Labour leader Sir Keir Starmer acknowledged the lack of a surprise factor in the manifesto, saying there was no “rabbit out of the hat”. He added: “If you want politics as pantomime, I hear Clacton is nice this time of year,” in a joke aimed at Reform leader Nigel Farage, who is standing for election in the seaside constituency.

Other previously-announced plans confirmed in the manifesto include: 

  • Halving government consultancy spending 
  • Appointing a fixed-term Covid Corruption Commissioner. The manifesto says Labour will “use every means possible to recoup public money lost in pandemic-related fraud and from contracts which have not delivered”.
  • Making major projects faster and cheaper by slashing red tape; updating national planning policy to ensure the planning system meets the needs of a modern economy.
  • AI: Creating a national data library to bring together existing research programmes and help deliver data-driven public services, whilst maintaining strong safeguards and ensuring all of the public benefit.
  • Creating a new Regulatory Innovation Office, bringing together existing functions across government. This office will help regulators update regulation, speed up approval timelines, and co-ordinate issues that span existing boundaries.
  • Labour will transfer power out of Westminster, and into our communities, with landmark devolution legislation to take back control.
  • Strengthening the Migration Advisory Committee, and establishing a framework for joint working with skills bodies across the UK, the Industrial Strategy Council and the Department for Work and Pensions.
  • Bringing the Department for Work and Pensions’ Jobcentre Plus and the Department for Education’s National Careers Service together 
  • Creating a new publicly-owned company, Great British Energy, to help cut bills.
  • Introducing a Football Governance Bill, which will establish an independent regulator to ensure financial sustainability of football clubs in England.
  • Establishing a new Council of the Nations and Regions, which will bring together the prime minister, first ministers of Scotland and Wales, the first and deputy first minister of Northern Ireland, and the mayors of combined authorities.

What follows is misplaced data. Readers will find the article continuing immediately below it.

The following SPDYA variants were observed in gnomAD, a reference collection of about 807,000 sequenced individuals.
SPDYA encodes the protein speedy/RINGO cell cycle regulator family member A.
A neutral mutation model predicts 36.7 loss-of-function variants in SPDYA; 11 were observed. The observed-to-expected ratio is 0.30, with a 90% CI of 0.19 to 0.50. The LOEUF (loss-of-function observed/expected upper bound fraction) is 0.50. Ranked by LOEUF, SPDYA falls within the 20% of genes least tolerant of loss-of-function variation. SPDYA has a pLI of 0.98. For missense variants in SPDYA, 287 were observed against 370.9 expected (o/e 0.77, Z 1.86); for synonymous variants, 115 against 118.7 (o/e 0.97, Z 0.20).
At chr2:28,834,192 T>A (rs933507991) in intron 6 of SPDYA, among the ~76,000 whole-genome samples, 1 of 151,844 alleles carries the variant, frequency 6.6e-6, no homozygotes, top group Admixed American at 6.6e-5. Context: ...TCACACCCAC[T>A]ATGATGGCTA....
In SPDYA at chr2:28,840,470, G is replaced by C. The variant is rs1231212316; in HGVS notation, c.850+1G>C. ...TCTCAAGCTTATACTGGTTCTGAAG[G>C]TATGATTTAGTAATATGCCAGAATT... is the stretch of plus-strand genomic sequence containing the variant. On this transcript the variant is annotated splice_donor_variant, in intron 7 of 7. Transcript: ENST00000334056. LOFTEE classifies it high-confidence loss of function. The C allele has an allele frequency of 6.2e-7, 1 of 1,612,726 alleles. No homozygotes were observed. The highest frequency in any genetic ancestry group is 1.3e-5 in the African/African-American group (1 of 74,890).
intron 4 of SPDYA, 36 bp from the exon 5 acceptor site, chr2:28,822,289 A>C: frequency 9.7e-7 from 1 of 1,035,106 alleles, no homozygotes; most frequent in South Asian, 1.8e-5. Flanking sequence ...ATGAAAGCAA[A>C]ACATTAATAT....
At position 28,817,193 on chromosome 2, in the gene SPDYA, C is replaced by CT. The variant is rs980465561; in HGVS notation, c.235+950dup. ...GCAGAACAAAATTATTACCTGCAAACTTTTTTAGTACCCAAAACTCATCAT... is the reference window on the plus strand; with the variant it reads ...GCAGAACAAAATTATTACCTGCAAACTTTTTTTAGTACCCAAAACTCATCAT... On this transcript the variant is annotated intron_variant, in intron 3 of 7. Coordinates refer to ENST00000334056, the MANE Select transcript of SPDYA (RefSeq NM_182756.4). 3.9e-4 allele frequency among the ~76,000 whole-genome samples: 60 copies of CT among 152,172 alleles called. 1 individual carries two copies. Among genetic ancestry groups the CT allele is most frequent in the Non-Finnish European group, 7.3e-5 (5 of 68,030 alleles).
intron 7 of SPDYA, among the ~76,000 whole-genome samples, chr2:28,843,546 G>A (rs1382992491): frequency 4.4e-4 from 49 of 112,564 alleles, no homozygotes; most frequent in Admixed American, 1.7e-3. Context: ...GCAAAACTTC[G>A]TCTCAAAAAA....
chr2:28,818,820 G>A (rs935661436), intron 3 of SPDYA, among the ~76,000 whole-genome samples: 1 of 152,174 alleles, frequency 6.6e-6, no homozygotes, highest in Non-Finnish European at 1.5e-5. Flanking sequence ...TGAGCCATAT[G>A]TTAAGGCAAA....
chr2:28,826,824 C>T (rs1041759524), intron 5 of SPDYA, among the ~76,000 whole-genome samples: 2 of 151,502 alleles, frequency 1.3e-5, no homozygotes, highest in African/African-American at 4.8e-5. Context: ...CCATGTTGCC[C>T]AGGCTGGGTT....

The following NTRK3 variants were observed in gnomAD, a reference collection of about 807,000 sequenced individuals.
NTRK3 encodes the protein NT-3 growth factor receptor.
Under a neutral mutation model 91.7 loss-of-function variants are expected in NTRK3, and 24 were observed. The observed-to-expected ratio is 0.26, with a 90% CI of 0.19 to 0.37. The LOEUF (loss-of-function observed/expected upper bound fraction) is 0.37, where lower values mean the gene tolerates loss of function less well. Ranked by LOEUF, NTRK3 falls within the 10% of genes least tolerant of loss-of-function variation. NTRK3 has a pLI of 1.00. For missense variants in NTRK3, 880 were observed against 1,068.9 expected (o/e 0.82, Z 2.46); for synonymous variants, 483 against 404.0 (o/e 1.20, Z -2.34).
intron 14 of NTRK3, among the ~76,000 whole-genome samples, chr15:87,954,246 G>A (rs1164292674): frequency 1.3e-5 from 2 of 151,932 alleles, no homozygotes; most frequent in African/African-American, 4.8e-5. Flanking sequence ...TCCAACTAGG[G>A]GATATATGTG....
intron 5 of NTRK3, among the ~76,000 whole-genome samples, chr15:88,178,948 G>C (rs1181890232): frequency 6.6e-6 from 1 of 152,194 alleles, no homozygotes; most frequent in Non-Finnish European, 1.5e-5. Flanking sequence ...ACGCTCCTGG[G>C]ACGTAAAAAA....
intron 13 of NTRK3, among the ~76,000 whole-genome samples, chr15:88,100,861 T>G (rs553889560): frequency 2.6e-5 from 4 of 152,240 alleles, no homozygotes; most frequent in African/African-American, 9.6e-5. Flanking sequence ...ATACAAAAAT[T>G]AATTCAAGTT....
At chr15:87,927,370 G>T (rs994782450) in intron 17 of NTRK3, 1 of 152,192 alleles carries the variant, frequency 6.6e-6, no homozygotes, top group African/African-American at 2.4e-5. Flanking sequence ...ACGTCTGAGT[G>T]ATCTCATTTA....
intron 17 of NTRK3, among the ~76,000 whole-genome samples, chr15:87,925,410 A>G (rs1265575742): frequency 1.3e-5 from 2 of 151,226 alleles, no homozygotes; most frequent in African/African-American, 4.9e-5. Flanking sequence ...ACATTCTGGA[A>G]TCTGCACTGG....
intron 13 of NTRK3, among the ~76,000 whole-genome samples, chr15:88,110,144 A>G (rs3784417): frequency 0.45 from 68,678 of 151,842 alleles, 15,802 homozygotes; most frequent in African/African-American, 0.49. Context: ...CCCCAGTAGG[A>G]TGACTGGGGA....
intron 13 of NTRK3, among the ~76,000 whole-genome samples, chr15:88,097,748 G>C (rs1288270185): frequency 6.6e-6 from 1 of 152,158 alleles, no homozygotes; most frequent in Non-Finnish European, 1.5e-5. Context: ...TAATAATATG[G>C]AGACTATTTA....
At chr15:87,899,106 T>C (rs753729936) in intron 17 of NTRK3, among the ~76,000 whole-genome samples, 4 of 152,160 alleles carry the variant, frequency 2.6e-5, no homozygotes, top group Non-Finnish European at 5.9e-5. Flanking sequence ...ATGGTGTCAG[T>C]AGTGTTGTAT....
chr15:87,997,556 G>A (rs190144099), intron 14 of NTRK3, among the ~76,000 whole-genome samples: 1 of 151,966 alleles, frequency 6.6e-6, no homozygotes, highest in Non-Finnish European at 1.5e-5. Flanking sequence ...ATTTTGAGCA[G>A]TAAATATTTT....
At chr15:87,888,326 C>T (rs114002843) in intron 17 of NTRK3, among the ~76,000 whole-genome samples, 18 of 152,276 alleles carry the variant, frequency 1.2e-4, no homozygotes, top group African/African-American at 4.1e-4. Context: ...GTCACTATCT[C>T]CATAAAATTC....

The manifesto also spells out the party’s plans for a mission-driven government and a new approach to economic management: “securinomics”. 

It says the “securinomics” approach “understands sustainable growth relies on a broad base and resilient foundations” and “will depend on a dynamic and strategic state”.

It adds that this “does not mean ever-growing government, but it does mean  a more active, smarter government that works in partnership with business, trade unions, local leaders, and devolved governments”.

On mission-driven government, it says the country has for too long been "held back by governments that, because they lack a relentless focus on long-term ends, are buffeted about by events".

"Politics has enormous potential to change lives for the better, but too often different parts of the government have pursued their own narrow goals rather than working together," it continues.

“Government is at its best when working in partnership with business, trade unions, civil society, faith groups, and communities. But without a shared project those partnerships barely get off the ground. So, as well as a new administration with new priorities, Britain needs a new approach: mission-driven government.

"Mission-driven government means raising our sights as a nation and focusing on ambitious, measurable, long-term objectives that provide a driving sense of purpose for the country. It means a new way of doing government that is more joined up, pushes power out to communities and harnesses new technology, all with one aim in mind – to put the country back in the service of working people."